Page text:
After you are all signed up, you should now research the course scorecard. A lot of golfers choose outings at courses that they have never played before. While this is a great way to play new courses, it does leave you at a disadvantage for not knowing the hole layouts. That’s why you should review the course’s scorecard to learn:
- Where the hazards are
- Where the hardest holes are located
- What the par of the course is
- What tees you will be playing from
If you are a beginner, I highly recommend reading my article about how to read a scorecard. This will teach you everything you need to know to properly take advantage of the card out on the course!
6. Hit the Driving Range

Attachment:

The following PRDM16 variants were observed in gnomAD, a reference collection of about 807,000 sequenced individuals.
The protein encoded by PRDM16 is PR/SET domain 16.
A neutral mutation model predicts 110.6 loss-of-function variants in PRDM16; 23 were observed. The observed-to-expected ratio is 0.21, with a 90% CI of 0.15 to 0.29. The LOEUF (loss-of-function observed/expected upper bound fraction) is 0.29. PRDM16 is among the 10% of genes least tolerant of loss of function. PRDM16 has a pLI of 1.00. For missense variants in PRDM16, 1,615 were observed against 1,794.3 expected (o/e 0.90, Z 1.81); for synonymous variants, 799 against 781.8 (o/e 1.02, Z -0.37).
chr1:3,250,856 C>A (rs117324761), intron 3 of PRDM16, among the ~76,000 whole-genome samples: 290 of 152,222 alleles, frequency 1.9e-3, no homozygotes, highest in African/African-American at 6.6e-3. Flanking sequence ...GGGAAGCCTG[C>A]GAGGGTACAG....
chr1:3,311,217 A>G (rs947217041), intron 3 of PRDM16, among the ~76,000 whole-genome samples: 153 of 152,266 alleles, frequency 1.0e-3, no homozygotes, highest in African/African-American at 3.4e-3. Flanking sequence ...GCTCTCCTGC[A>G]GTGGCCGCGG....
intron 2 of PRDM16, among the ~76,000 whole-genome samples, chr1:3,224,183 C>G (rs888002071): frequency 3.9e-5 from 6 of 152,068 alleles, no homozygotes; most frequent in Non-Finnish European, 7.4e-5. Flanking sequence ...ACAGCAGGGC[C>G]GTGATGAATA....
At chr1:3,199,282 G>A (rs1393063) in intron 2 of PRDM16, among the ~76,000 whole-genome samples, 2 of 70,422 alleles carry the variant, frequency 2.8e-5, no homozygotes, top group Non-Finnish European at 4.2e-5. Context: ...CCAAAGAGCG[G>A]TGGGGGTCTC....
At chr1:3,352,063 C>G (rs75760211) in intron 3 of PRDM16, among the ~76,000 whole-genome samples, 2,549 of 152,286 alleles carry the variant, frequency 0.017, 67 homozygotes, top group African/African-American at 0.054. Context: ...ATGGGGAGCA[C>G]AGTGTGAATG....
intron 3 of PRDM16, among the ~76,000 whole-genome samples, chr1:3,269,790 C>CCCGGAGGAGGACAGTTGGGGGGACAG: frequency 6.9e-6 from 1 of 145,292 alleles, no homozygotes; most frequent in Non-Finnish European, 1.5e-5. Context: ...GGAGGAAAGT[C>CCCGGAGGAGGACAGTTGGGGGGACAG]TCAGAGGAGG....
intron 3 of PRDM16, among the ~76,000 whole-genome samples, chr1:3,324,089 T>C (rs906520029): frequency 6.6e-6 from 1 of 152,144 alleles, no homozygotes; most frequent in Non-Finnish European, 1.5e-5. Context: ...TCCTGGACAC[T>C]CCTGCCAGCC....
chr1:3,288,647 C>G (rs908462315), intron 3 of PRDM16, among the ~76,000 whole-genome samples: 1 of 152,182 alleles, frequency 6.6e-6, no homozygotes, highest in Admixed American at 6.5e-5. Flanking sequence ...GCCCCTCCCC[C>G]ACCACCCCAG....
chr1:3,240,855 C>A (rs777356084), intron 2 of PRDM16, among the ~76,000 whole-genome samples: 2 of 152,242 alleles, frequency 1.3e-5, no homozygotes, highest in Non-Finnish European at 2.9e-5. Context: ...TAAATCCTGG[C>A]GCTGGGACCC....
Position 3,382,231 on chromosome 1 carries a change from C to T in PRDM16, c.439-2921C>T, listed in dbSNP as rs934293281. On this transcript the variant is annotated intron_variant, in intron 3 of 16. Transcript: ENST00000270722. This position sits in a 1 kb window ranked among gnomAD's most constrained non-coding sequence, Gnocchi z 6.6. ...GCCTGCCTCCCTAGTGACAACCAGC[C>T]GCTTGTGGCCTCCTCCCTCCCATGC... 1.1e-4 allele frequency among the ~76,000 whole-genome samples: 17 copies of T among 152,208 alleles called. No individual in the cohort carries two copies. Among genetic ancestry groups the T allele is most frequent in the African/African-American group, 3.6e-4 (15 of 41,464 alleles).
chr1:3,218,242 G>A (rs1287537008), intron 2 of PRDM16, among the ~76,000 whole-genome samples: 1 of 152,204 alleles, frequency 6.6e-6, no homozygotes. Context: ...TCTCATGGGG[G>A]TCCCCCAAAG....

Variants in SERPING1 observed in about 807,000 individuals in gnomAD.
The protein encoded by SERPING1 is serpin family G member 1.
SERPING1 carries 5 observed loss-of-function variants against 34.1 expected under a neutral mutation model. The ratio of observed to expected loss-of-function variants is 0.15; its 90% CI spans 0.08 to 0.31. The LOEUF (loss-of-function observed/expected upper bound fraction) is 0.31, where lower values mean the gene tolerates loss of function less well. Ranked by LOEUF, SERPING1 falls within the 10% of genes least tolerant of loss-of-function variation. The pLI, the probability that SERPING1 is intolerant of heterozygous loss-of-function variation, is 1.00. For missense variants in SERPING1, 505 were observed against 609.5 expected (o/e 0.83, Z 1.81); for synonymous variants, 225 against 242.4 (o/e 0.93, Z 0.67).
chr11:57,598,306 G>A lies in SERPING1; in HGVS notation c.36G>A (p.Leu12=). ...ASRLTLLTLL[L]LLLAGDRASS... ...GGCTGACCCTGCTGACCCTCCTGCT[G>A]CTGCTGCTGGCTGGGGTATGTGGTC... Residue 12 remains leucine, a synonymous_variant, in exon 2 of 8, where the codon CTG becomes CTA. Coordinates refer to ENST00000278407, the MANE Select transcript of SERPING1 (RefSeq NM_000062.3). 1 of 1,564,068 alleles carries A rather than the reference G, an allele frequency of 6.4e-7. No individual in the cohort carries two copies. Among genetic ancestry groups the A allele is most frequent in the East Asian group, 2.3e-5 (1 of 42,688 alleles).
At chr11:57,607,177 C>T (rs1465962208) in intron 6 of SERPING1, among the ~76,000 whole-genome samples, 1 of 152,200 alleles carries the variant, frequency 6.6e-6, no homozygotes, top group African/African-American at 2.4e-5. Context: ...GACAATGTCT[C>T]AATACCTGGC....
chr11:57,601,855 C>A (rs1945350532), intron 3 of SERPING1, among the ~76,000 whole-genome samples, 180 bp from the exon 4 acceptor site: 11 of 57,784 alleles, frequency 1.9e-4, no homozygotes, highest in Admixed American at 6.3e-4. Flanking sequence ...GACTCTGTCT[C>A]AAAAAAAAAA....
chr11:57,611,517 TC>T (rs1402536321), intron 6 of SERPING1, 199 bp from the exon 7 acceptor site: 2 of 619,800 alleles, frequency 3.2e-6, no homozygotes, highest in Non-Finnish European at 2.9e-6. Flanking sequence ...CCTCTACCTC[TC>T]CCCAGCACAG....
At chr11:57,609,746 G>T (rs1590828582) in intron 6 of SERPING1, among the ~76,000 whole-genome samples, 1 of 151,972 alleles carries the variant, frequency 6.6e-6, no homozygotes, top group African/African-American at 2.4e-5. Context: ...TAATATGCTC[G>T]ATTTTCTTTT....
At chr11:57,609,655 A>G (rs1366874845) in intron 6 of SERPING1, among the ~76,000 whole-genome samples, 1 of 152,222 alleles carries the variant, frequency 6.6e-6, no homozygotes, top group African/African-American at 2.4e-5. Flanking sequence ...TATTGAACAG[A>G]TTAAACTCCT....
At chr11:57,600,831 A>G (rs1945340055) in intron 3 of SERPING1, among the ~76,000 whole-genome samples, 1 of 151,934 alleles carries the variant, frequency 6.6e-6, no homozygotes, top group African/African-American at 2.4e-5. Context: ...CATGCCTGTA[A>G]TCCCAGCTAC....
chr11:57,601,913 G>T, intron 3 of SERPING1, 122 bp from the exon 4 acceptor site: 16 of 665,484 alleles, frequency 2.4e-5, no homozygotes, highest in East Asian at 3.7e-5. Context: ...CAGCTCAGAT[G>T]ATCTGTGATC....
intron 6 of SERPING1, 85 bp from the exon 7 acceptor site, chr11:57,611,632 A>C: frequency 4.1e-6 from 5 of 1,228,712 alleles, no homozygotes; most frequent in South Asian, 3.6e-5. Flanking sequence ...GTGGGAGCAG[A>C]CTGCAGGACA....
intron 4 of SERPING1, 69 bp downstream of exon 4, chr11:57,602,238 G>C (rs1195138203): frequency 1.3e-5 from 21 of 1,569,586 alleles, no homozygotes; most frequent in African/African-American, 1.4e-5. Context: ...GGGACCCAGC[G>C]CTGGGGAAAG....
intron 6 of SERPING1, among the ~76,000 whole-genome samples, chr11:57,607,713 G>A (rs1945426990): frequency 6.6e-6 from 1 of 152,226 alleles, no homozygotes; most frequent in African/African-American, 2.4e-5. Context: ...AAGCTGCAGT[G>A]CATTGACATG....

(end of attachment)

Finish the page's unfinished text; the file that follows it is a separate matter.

Get to practicing! It’s time to get your game elevated before you play in your outing. The best way to do this is to go to a nearby driving range and practice areas of your game that you are struggling with.
When out on the driving range, you need to practice the right way by:
- Going through a pre-shot routine for every shot. This simulates real golf play and helps your mind get into a comfortable ritual. Your muscle memory will improve at a much faster rate when you implement a routine.
- Visualize hitting at a flagstick or fairway to hone in your accuracy. Many driving ranges have distance measured flagsticks that you can aim at to mock a real golf shot.
- Remember to hit the practice green after the range to practice your short putts, long putts, and chip shots.
If this is your first outing and you are still hesitant about playing, I would recommend reading my article on why you should invest in a few golf lessons from a PGA Professional.
7. Practice Round
After you are feeling more confident with your swing, it’s best to get a practice round in at the course where the outing will be played at.
Feel free to take notes on the:
- Green Slopes and breaks
- Distances (scope the course)